October 4, 2010 / Perspective
Brett McCracken. Hipster Christianity: When Church and Cool Collide. Grand Rapids, MI: Baker Books, 2010. 255 …
November 27, 2009
Peter G. Heltzel. Jesus and Justice: Evangelicals, Race, and American Politics. New Haven, CT: Yale University Press, 2009. 288 pages. $25.44 hardcover (Amazon). Click here or on the image to purchase Jesus and Justice from Amazon.com and help support The Other Journal.
But what role can Christians, particularly those adhering to evangelicalism, contribute to ending racial oppression? How have evangelicals acquired so much political power and to what extent has this power been wielded in order to end racial oppression?
Peter Goodwin Heltzel answers these questions in Jesus and Justice: Evangelicals, Race, and American Politics. In the first four chapters, he encourages contemporary evangelicals to understand their inherited legacy of social justice from Martin Luther King Jr. and Carl F. H. Henry. Furthermore, he suggests that it would behoove American Christians to give a theological account of race and discern the various ways in which Christianity must preach a full gospel that includes ameliorating the suffering caused by racial discrimination. He says we must prescribe those actions that are life-affirming, rather than life-denying. “As a new generation of evangelical activists embraces King’s vision for racial equality and reconciliation, and as evangelicals in the Henry tradition seek to live into his call to justice and reform,” according to Heltzel, “a growing intercultural evangelical coalition is embodying a prophetic politics of hope” (xxiii).
One would expect the Christian community to be the last place where racism, implicit or explicit, would still linger. Unfortunately, as Heltzel points out, “The convergence of the black and white evangelical traditions in the third millennium is still plagued by the problem of white supremacy, the moral contradiction on which America was built. From slavery to segregation, America’s tragic past demands a robust evangelical theological accounting” (4). Jesus is understood differently contingent upon one’s historical-cultural situatedness. For example, the Jesus of Harriet Jacobs and many black Christians is a Jesus who suffers alongside us. This Jesus knows what it means to be oppressed, to be poor, to be cursed, to be beaten, and to be tortured. In contrast, white Christians have mainly focused on the victory and glorification of Jesus. This Jesus is triumphant. Although both understandings can be said to accurately describe Jesus, both do not warrant the same response to social injustices. Heltzel, following a certain line of thinking espoused by J. Kameron Carter, emphasizes the importance of Jesus’s Jewish flesh. He sees a connection between the suffering flesh of Jesus and the wounded flesh of many black Americans, and in order to better answer the call for justice, he argues that Christians must take seriously Jesus’s humanly flesh rather than his glorified body.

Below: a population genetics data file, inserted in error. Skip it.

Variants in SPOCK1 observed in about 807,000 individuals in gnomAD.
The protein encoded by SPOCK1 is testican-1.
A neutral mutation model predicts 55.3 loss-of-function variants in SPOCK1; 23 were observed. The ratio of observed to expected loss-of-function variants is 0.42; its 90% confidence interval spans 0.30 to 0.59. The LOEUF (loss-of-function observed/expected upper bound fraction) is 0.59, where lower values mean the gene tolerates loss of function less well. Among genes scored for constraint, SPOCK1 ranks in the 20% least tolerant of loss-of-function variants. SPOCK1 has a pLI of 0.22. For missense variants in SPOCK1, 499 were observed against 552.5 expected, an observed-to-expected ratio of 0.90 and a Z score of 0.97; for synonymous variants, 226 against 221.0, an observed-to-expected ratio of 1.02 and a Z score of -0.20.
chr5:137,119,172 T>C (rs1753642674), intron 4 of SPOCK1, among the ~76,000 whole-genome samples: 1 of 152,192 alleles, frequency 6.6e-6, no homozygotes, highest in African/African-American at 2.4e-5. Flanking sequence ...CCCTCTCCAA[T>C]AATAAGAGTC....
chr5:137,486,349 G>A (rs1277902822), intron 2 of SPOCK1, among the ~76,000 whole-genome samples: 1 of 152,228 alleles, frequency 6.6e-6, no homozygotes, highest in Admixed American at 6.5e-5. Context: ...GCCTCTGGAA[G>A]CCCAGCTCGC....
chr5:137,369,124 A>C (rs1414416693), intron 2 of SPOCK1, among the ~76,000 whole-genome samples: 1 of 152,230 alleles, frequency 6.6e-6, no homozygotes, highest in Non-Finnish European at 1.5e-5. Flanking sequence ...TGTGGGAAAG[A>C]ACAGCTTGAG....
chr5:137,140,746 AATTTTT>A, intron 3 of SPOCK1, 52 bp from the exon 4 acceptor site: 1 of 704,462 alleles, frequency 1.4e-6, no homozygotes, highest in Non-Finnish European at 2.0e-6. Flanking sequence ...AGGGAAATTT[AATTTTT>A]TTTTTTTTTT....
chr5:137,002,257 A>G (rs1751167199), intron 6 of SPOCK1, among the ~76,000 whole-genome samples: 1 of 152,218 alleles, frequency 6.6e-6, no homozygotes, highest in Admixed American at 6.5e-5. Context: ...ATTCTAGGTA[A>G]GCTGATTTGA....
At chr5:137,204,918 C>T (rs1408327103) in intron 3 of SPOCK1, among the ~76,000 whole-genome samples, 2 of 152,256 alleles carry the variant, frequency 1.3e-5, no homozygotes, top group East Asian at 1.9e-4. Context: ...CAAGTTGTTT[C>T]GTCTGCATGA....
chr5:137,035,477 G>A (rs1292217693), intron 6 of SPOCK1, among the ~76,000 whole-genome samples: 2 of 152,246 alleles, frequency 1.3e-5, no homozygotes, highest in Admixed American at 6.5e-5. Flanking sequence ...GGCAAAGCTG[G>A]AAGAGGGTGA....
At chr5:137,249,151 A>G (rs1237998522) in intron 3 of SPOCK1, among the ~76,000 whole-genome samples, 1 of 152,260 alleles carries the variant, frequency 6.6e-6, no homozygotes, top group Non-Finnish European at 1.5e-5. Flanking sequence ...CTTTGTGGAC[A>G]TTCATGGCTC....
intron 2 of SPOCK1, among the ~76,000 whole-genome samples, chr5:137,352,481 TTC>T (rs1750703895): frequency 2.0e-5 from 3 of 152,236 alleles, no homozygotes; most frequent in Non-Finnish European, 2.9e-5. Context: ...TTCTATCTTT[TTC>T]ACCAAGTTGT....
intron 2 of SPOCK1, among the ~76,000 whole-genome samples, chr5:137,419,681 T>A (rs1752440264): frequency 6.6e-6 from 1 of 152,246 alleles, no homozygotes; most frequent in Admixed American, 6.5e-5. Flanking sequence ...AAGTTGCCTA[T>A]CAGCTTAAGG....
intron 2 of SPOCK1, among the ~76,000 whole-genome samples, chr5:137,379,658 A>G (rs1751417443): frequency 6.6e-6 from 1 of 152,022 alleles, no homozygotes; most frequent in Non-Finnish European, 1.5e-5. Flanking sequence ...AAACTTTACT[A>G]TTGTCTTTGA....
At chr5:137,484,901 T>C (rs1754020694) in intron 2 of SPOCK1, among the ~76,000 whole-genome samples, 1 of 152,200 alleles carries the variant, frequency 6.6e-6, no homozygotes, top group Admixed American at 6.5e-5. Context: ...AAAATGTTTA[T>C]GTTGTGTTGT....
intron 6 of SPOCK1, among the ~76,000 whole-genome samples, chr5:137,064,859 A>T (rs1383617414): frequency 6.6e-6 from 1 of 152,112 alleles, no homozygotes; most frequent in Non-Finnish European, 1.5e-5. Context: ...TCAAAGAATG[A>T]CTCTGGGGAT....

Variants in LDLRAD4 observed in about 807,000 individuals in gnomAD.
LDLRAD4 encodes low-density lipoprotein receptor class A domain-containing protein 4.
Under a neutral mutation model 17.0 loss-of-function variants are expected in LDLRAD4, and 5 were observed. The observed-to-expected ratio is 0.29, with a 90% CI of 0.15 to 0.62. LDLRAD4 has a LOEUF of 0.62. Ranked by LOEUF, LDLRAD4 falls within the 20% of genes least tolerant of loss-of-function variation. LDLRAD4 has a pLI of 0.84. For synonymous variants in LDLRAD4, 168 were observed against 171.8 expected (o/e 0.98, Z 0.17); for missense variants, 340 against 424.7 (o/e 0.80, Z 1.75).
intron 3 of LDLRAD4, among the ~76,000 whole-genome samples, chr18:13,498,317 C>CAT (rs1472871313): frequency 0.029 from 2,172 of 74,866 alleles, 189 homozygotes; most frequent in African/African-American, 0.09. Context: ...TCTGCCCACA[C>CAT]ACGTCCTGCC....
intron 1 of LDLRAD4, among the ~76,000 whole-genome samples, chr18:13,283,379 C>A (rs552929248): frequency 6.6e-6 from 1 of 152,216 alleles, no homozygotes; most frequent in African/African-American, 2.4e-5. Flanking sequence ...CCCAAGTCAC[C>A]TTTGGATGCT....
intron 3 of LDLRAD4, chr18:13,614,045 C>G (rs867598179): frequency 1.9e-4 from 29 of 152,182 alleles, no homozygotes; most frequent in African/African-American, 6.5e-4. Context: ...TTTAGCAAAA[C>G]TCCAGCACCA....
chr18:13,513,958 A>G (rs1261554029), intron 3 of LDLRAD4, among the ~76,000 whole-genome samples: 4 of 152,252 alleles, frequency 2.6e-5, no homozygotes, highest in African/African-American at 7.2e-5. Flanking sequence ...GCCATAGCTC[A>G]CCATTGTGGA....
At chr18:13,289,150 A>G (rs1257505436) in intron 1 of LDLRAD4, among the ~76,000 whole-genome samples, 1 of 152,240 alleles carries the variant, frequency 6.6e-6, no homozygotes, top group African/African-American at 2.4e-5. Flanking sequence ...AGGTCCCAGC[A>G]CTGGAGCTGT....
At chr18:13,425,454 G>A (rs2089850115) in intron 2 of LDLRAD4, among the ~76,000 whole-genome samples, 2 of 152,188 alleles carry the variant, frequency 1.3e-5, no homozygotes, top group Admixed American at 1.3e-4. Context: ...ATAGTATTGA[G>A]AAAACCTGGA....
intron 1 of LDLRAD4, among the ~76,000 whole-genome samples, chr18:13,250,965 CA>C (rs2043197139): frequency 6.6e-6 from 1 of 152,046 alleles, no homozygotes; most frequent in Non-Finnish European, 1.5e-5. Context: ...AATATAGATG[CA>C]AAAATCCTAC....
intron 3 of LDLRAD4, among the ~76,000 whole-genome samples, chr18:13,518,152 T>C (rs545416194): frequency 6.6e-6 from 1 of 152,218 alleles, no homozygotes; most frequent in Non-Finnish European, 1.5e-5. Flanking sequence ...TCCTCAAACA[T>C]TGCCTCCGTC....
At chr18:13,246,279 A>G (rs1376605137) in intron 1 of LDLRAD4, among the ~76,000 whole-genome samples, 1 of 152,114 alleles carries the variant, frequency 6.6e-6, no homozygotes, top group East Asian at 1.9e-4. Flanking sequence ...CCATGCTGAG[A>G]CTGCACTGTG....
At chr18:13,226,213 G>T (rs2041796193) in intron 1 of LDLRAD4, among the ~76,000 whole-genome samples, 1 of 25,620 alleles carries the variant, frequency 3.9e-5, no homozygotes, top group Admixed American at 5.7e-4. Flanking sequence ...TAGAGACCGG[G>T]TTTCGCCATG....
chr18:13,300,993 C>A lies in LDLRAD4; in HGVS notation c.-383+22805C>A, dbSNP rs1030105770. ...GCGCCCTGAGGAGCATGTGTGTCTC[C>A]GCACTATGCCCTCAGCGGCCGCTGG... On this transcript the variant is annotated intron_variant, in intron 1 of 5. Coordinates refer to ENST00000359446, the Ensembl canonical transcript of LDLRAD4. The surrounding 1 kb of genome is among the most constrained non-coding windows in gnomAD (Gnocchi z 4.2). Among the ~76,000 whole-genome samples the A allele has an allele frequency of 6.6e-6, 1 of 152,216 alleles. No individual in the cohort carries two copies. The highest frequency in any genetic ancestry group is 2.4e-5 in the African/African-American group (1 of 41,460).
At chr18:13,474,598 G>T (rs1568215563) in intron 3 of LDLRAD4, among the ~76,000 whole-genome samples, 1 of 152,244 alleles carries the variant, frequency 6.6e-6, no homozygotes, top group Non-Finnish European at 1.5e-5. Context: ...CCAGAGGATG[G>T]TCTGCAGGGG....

Various movements for social justice by evangelicals should be recognized in light of the cultural interaction among white and black Christianity. The two groups, since the founding of America, have lived among one another, sometimes in conflict and sometimes in collaboration. Heltzel’s chapter “Revival, Race, and Reform” provides a genealogy of evangelicalism in America that focuses on its emergence out of the Second Great Awakening. While highlighting key points of intersection between black and white Christians, Heltzel also demonstrates how racial separation aided the status quo of white privilege. During the nineteenth century, whites had many resources and opportunities granted to them that were refused to blacks. Even though blacks and whites often worshipped together at revival meetings, the structures of society and the issue of slavery kept the two groups in a kind of dialectical relationship. The social structure of America also led to a rift between proslavery and abolitionist white evangelicals. Furthermore, a second divide was found among the abolitionists who stressed personal transformation and the abolitionists who pleaded for systemic change.
This divide continued well into the twentieth century and remains with us even today. In continuing his genealogy, Heltzel focuses on two important religious leaders for evangelical Christianity: King and Henry. He claims that “King’s vision [is] a blended theology shaped by three streams: the black church, liberal theology, and evangelical theology” (46). The social experience of the black church contributed significantly to King’s theology. For King, the suffering of Jesus’s flesh was resonant within the slave songs and spirituals of the black church. Heltzel insightfully discusses how the influence of liberal theology, as found in Rauschenbusch for example, came from King’s years as a student. He also acknowledges King’s reception of personalism, a school of liberal theology that emphasizes the role of personality as the foundation for social ethics. As King’s own theology developed, he began using the logic of evangelicalism, a logic that is Christocentric, cruciform, and rooted in personal faith in a personal deity.